ARC also attended a session on new SmartLine field device modularity capabilities, and transmitter messaging and maintenance mode. The company’s SmartLine transmitter range, which includes pressure, temperature, and level transmitters for process applications, share the same modular design, standardized look, common functionality, and diagnostics. The modular design offers many benefits and cost savings. Maintenance personnel can repair the transmitter quickly and easily just by replacing the broken hardware module, eliminating the need to stock large quantities of spare transmitters as before.
Transmitter messaging and maintenance mode allows the operator to send a message directly to the transmitter so the maintenance technician can quickly identify the right device for right work. Honeywell also announced that a new multivariable transmitter would be available in early 2016.
Emphasizing Support for OPC UA as the “Lingua Franca” of Industrial IoT
ARC moderated a panel discussion for media and analysts where key Honeywell personnel talk about their view on the Internet of Things and Honeywell is responding to this new industry challenge and opportunity. OPC UA was a key part of the discussion. Honeywell is now one of the biggest supporters of OPC UA with its acquisition of Matrikon a few years ago. One Honeywell representative stated that they hoped OPC would be considered as the “lingua franca” of the Industrial Internet of Things.
Bringing Data Sources Together Through Dashboards and Workflows
Application information exchange between data sources was a big topic at Mr. Kapur’s presentation, where he discussed Honeywell’s ability to bring information from disparate data sources together through advanced KPI performance dashboards and workflows through the Operational Insight application offering. Part of the workflow discussion focused on Honeywell’s increasing support of mobile devices and mobility technologies for operators and field personnel.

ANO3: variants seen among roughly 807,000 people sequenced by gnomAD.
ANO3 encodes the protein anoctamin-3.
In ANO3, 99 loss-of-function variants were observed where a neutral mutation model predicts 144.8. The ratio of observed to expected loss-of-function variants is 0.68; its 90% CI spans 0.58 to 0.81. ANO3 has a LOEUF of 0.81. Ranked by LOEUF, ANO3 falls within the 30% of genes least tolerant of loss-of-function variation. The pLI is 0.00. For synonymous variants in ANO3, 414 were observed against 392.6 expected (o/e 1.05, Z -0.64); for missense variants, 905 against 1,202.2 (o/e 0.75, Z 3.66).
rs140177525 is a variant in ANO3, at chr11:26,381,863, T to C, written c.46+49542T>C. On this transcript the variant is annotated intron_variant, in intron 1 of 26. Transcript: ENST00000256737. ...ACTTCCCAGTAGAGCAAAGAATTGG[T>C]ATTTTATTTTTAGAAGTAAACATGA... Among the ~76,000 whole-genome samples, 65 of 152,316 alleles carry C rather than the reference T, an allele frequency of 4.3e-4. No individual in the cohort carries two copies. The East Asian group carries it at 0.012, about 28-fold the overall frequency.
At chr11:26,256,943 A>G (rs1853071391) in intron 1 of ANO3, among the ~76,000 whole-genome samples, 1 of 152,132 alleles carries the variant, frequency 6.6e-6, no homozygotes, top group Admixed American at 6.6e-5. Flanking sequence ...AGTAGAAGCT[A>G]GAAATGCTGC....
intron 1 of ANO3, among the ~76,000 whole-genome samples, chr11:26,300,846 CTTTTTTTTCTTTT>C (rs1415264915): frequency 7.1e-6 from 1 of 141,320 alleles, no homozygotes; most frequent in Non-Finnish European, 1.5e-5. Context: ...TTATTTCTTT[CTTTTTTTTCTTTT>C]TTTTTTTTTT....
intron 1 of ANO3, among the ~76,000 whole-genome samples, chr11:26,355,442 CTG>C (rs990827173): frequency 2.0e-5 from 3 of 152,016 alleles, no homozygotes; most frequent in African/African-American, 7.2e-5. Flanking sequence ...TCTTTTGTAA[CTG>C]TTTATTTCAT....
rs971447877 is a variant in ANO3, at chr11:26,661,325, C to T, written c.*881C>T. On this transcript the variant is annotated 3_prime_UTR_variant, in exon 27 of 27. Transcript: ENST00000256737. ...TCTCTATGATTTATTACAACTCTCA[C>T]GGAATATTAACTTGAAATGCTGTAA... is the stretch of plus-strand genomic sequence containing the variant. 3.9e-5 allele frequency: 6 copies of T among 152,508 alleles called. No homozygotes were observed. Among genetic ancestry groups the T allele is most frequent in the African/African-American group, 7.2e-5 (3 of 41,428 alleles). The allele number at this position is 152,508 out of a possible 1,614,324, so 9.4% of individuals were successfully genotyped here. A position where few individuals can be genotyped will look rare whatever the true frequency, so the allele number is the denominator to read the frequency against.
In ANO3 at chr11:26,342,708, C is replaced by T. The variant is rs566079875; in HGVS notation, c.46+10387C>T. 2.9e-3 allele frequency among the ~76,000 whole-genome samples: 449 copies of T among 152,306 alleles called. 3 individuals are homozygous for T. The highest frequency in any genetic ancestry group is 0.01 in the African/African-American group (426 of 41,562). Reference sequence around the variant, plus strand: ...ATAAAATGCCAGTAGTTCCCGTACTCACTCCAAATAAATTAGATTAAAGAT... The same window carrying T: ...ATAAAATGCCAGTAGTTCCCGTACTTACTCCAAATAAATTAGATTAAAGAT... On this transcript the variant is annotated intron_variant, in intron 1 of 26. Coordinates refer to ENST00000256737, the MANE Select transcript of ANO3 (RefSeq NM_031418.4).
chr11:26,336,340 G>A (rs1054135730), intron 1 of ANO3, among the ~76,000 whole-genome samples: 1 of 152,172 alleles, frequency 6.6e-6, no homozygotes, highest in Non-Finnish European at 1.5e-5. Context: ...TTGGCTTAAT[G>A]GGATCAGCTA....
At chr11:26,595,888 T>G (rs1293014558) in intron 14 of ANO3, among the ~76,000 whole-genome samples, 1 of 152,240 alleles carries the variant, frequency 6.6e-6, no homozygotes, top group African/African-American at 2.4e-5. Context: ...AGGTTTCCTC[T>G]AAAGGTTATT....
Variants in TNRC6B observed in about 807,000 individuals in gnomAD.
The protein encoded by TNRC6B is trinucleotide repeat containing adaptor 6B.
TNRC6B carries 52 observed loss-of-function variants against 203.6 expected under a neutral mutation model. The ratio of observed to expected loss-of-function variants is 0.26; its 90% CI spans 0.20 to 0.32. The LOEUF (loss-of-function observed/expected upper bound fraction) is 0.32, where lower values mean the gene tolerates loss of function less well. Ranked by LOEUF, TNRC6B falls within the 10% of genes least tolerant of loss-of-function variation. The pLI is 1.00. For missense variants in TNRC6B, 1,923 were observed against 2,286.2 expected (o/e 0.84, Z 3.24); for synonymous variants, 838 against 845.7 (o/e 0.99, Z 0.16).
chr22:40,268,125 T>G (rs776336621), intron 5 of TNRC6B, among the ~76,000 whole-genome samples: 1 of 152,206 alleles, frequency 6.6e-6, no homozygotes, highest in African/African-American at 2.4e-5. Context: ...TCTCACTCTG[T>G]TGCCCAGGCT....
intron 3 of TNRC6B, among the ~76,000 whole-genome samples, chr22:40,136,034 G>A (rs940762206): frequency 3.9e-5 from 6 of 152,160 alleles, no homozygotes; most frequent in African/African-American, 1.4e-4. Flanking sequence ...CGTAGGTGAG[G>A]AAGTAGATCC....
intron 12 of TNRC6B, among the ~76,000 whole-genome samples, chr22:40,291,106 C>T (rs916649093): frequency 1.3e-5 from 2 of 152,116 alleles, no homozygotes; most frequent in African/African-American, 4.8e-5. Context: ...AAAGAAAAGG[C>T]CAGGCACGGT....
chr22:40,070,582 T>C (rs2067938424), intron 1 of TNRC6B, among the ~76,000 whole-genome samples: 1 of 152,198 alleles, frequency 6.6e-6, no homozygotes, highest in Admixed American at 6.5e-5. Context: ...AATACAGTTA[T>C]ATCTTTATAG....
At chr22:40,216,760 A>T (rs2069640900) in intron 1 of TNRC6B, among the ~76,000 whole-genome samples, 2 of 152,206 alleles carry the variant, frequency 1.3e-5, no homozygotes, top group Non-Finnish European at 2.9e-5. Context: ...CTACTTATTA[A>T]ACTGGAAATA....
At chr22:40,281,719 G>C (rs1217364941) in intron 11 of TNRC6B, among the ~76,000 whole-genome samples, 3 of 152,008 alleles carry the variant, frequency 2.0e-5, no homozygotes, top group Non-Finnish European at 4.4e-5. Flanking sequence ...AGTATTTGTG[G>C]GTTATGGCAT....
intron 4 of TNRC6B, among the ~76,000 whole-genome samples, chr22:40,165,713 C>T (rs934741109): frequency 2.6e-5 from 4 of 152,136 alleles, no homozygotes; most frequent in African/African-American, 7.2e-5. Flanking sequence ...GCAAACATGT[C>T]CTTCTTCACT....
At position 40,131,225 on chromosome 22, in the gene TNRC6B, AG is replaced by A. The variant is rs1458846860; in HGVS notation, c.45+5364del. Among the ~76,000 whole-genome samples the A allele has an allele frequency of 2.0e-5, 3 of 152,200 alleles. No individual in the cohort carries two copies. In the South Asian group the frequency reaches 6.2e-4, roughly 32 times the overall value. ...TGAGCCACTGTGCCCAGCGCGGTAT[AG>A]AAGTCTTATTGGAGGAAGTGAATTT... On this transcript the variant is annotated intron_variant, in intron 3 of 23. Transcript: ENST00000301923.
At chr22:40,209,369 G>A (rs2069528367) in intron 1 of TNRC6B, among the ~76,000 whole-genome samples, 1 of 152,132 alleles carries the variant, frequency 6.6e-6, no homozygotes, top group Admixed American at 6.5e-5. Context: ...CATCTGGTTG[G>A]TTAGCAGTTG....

Honeywell Gets Open about Its Installed Base
HPS vice president of sales in the Americas Andrew D’Amelio was very open about the large installed base the need for HPS to continue to support and evolve their customers’ intellectual property investment. D’Amelio cited that Honeywell had over 11,000 Hiway boxes from the seventies that are still installed and working today. Over 6,200 controller power units from seventies are still running as well. Many products from the ‘80s are still up and running as well, including around 7,500 HMI workstations and over 1,300 history modules and over 2,100 controllers.
Of course, Honeywell has been in the lead of suppliers offering an evolutionary path from older systems to the new Experion system, and introduced an Experion Data Hiway Bridge at this year’s HUG that allows users to upgrade their controllers on older systems to new Experion controllers. The new Control Execution Environment or CEE provides a path forward for users who want to modernize their Experion C200 controllers. With CEE, users can export control strategies from C200 to C300. This can be done while the C200 is still running, enabling online upgrades. The third new area of evolutionary support at HUG was continued support of the older HPM controllers. Intellectual property and field wiring for HPMs will be supported through 2035.
Addressing Customer Concerns
Edwin van den Maagdenberg, vice president of business operations at Honeywell Process Solutions discussed many of the improvements that HPS is bringing to its business because of listening to their customers. Mr. van den Maagdenberg was fairly open about improvement efforts being made in many aspects of Honeywell’s business that touch the customer, including revamping its website, improving spare parts and replacement orders, improving customer case resolution, and more. The company did a voice of the customer survey that received 5,000 responses and it seems clear they are taking customer feedback seriously. Few companies are willing to share such details regarding their approach to the customer and needed improvements as much as Honeywell has. In addition, the response from customers seems to be improving, with two out of three customers telling Honeywell that they are improving in terms of scheduled delivery, service offerings, and parts.